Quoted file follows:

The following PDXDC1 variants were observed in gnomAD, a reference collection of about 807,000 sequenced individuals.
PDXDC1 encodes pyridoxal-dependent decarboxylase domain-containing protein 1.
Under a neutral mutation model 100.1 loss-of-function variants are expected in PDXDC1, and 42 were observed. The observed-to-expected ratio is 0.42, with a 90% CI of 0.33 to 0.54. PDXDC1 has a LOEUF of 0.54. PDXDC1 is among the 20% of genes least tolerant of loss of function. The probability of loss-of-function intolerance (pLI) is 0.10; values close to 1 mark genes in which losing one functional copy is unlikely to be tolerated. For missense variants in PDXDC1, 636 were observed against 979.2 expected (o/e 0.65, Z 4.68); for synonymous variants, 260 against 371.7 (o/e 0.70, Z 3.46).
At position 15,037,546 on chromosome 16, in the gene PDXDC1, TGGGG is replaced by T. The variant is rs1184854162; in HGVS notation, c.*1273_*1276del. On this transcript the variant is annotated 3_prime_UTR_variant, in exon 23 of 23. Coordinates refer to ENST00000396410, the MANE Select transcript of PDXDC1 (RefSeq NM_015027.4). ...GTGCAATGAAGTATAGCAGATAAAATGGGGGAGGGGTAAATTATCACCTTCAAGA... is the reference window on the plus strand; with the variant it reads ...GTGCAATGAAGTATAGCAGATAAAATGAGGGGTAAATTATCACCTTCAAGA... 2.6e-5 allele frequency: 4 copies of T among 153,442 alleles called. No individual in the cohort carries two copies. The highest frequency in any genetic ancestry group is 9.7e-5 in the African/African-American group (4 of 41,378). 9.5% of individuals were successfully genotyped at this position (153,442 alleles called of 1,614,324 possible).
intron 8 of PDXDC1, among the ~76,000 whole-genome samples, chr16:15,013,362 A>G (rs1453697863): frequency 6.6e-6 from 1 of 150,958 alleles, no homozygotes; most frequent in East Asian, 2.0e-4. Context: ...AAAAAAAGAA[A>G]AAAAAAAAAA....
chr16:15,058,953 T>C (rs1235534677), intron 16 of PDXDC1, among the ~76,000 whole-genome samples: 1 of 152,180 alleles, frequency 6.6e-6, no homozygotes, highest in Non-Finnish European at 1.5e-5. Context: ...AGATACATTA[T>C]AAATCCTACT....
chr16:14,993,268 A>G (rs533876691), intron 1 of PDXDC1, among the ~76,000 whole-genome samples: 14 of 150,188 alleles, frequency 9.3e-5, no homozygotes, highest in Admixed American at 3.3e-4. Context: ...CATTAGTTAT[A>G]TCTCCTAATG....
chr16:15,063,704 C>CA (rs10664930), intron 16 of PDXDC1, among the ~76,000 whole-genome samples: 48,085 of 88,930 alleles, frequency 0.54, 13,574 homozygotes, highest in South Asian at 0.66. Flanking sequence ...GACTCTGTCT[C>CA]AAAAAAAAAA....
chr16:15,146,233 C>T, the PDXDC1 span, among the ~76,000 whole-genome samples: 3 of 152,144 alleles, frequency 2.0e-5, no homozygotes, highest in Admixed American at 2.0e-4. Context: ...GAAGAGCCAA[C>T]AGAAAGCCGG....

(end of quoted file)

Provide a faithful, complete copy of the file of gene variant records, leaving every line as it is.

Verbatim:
The following PDXDC1 variants were observed in gnomAD, a reference collection of about 807,000 sequenced individuals.
PDXDC1 encodes pyridoxal-dependent decarboxylase domain-containing protein 1.
Under a neutral mutation model 100.1 loss-of-function variants are expected in PDXDC1, and 42 were observed. The observed-to-expected ratio is 0.42, with a 90% CI of 0.33 to 0.54. PDXDC1 has a LOEUF of 0.54. PDXDC1 is among the 20% of genes least tolerant of loss of function. The probability of loss-of-function intolerance (pLI) is 0.10; values close to 1 mark genes in which losing one functional copy is unlikely to be tolerated. For missense variants in PDXDC1, 636 were observed against 979.2 expected (o/e 0.65, Z 4.68); for synonymous variants, 260 against 371.7 (o/e 0.70, Z 3.46).
At position 15,037,546 on chromosome 16, in the gene PDXDC1, TGGGG is replaced by T. The variant is rs1184854162; in HGVS notation, c.*1273_*1276del. On this transcript the variant is annotated 3_prime_UTR_variant, in exon 23 of 23. Coordinates refer to ENST00000396410, the MANE Select transcript of PDXDC1 (RefSeq NM_015027.4). ...GTGCAATGAAGTATAGCAGATAAAATGGGGGAGGGGTAAATTATCACCTTCAAGA... is the reference window on the plus strand; with the variant it reads ...GTGCAATGAAGTATAGCAGATAAAATGAGGGGTAAATTATCACCTTCAAGA... 2.6e-5 allele frequency: 4 copies of T among 153,442 alleles called. No individual in the cohort carries two copies. The highest frequency in any genetic ancestry group is 9.7e-5 in the African/African-American group (4 of 41,378). 9.5% of individuals were successfully genotyped at this position (153,442 alleles called of 1,614,324 possible).
intron 8 of PDXDC1, among the ~76,000 whole-genome samples, chr16:15,013,362 A>G (rs1453697863): frequency 6.6e-6 from 1 of 150,958 alleles, no homozygotes; most frequent in East Asian, 2.0e-4. Context: ...AAAAAAAGAA[A>G]AAAAAAAAAA....
chr16:15,058,953 T>C (rs1235534677), intron 16 of PDXDC1, among the ~76,000 whole-genome samples: 1 of 152,180 alleles, frequency 6.6e-6, no homozygotes, highest in Non-Finnish European at 1.5e-5. Context: ...AGATACATTA[T>C]AAATCCTACT....
chr16:14,993,268 A>G (rs533876691), intron 1 of PDXDC1, among the ~76,000 whole-genome samples: 14 of 150,188 alleles, frequency 9.3e-5, no homozygotes, highest in Admixed American at 3.3e-4. Context: ...CATTAGTTAT[A>G]TCTCCTAATG....
chr16:15,063,704 C>CA (rs10664930), intron 16 of PDXDC1, among the ~76,000 whole-genome samples: 48,085 of 88,930 alleles, frequency 0.54, 13,574 homozygotes, highest in South Asian at 0.66. Flanking sequence ...GACTCTGTCT[C>CA]AAAAAAAAAA....
chr16:15,146,233 C>T, the PDXDC1 span, among the ~76,000 whole-genome samples: 3 of 152,144 alleles, frequency 2.0e-5, no homozygotes, highest in Admixed American at 2.0e-4. Context: ...GAAGAGCCAA[C>T]AGAAAGCCGG....